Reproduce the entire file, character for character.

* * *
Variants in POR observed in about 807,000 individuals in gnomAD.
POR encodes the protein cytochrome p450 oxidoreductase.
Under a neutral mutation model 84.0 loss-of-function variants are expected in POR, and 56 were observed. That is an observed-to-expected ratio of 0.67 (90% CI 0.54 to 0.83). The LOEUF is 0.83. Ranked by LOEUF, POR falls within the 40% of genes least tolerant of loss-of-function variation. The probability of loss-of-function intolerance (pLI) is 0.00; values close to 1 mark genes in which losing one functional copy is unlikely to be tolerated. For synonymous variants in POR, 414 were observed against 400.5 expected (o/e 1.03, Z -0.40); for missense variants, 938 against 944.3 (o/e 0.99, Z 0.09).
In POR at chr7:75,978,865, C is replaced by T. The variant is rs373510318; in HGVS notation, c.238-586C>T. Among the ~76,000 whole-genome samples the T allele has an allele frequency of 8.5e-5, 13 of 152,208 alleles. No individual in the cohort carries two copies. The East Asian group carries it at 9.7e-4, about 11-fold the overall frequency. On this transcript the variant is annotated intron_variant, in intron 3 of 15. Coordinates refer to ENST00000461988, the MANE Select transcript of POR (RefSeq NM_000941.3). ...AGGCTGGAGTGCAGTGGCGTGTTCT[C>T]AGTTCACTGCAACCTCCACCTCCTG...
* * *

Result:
Variants in POR observed in about 807,000 individuals in gnomAD.
POR encodes the protein cytochrome p450 oxidoreductase.
Under a neutral mutation model 84.0 loss-of-function variants are expected in POR, and 56 were observed. That is an observed-to-expected ratio of 0.67 (90% CI 0.54 to 0.83). The LOEUF is 0.83. Ranked by LOEUF, POR falls within the 40% of genes least tolerant of loss-of-function variation. The probability of loss-of-function intolerance (pLI) is 0.00; values close to 1 mark genes in which losing one functional copy is unlikely to be tolerated. For synonymous variants in POR, 414 were observed against 400.5 expected (o/e 1.03, Z -0.40); for missense variants, 938 against 944.3 (o/e 0.99, Z 0.09).
In POR at chr7:75,978,865, C is replaced by T. The variant is rs373510318; in HGVS notation, c.238-586C>T. Among the ~76,000 whole-genome samples the T allele has an allele frequency of 8.5e-5, 13 of 152,208 alleles. No individual in the cohort carries two copies. The East Asian group carries it at 9.7e-4, about 11-fold the overall frequency. On this transcript the variant is annotated intron_variant, in intron 3 of 15. Coordinates refer to ENST00000461988, the MANE Select transcript of POR (RefSeq NM_000941.3). ...AGGCTGGAGTGCAGTGGCGTGTTCT[C>T]AGTTCACTGCAACCTCCACCTCCTG...